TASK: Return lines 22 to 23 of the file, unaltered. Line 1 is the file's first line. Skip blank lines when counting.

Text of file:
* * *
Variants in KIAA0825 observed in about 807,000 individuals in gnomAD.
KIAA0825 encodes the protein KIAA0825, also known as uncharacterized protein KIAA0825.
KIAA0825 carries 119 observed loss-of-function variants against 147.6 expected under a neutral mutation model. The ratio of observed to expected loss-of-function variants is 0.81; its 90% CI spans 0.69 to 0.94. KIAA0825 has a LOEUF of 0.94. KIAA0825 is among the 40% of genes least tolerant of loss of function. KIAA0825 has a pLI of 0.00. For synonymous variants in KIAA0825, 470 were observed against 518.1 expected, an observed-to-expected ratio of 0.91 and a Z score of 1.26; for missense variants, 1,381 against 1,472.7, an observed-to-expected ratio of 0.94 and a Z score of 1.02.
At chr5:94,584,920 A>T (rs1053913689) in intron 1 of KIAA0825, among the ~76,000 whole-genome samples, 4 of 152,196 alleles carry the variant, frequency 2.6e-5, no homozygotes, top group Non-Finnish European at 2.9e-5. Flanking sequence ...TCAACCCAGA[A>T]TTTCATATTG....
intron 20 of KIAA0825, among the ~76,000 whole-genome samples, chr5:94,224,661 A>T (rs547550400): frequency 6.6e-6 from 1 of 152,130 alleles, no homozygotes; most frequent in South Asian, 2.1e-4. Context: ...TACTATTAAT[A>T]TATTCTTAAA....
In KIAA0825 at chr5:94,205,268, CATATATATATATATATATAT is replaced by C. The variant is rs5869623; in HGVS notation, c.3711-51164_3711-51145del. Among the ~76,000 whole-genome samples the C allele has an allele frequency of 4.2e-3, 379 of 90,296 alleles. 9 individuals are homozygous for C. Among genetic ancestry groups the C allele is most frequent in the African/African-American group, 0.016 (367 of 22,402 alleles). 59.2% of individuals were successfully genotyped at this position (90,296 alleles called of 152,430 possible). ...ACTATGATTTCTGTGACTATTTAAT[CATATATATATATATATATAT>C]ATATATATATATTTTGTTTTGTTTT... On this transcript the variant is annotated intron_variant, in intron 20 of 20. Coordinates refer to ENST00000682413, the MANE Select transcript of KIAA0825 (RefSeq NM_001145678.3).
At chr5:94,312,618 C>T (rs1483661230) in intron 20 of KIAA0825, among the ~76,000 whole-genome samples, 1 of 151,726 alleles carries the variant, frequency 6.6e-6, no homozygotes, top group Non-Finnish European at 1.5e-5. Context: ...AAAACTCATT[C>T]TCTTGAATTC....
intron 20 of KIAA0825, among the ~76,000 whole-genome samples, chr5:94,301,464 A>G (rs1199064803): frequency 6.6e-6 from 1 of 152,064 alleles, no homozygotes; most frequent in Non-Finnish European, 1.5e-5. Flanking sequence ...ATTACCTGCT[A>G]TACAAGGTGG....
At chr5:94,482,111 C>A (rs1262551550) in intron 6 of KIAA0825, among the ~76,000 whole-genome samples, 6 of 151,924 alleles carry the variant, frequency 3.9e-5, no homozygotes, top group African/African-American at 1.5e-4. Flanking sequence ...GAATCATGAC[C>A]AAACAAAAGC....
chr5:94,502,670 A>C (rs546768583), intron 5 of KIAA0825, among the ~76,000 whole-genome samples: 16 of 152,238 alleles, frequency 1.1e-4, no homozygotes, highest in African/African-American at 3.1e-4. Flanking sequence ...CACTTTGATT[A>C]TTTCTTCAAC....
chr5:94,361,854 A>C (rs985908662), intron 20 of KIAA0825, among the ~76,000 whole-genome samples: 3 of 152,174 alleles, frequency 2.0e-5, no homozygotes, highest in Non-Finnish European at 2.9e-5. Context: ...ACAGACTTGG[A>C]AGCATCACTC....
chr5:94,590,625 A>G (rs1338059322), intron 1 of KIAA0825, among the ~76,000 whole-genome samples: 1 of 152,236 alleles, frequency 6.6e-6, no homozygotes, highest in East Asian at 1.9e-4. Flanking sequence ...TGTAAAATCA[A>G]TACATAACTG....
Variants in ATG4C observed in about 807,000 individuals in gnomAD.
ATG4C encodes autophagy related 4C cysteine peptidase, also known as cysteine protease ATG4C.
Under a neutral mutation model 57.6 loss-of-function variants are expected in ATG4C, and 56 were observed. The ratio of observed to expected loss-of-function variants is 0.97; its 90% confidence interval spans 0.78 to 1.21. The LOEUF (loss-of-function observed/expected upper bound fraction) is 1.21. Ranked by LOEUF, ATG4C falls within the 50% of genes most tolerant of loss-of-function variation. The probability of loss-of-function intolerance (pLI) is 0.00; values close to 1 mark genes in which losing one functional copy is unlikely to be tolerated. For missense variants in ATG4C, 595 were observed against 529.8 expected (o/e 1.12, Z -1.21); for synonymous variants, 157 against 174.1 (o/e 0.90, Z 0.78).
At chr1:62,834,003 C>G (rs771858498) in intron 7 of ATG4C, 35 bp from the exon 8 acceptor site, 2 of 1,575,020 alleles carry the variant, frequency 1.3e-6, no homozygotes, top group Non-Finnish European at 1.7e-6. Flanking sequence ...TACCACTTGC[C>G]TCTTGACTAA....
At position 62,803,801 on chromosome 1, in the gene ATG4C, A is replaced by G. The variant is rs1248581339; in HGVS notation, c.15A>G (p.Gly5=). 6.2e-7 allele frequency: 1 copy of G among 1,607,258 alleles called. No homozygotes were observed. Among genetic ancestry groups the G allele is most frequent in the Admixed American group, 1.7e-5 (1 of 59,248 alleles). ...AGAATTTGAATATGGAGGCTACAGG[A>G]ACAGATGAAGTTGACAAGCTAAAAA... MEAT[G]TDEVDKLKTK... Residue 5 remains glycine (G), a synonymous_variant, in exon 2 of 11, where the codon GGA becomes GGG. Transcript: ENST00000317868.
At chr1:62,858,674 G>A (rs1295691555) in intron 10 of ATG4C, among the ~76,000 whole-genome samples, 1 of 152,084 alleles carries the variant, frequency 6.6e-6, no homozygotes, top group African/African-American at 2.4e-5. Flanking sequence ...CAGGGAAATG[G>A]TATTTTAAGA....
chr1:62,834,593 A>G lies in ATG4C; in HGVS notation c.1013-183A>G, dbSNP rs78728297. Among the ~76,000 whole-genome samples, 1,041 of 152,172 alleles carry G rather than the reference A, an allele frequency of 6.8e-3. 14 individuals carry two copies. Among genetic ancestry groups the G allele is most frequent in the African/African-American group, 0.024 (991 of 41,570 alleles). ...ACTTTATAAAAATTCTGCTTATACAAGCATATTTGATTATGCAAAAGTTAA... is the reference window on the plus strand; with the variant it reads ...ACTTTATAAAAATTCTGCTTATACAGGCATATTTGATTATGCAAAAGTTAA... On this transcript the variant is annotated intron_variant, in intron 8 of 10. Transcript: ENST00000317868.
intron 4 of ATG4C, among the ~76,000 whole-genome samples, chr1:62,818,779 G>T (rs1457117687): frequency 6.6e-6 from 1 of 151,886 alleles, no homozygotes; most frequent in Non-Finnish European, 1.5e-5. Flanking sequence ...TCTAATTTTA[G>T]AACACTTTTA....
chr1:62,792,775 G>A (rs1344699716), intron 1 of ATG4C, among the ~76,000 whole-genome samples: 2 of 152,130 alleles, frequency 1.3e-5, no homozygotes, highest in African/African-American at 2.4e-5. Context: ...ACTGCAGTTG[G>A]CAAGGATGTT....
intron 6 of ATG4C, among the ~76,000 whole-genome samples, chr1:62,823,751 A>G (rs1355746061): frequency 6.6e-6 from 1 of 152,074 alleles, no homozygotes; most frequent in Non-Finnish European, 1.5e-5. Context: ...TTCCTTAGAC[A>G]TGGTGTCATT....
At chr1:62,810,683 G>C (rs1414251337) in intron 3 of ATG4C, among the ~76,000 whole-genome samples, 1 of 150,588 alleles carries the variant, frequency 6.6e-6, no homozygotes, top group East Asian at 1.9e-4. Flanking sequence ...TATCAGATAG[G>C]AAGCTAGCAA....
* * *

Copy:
intron 6 of ATG4C, among the ~76,000 whole-genome samples, chr1:62,823,751 A>G (rs1355746061): frequency 6.6e-6 from 1 of 152,074 alleles, no homozygotes; most frequent in Non-Finnish European, 1.5e-5. Context: ...TTCCTTAGAC[A>G]TGGTGTCATT....
At chr1:62,810,683 G>C (rs1414251337) in intron 3 of ATG4C, among the ~76,000 whole-genome samples, 1 of 150,588 alleles carries the variant, frequency 6.6e-6, no homozygotes, top group East Asian at 1.9e-4. Flanking sequence ...TATCAGATAG[G>C]AAGCTAGCAA....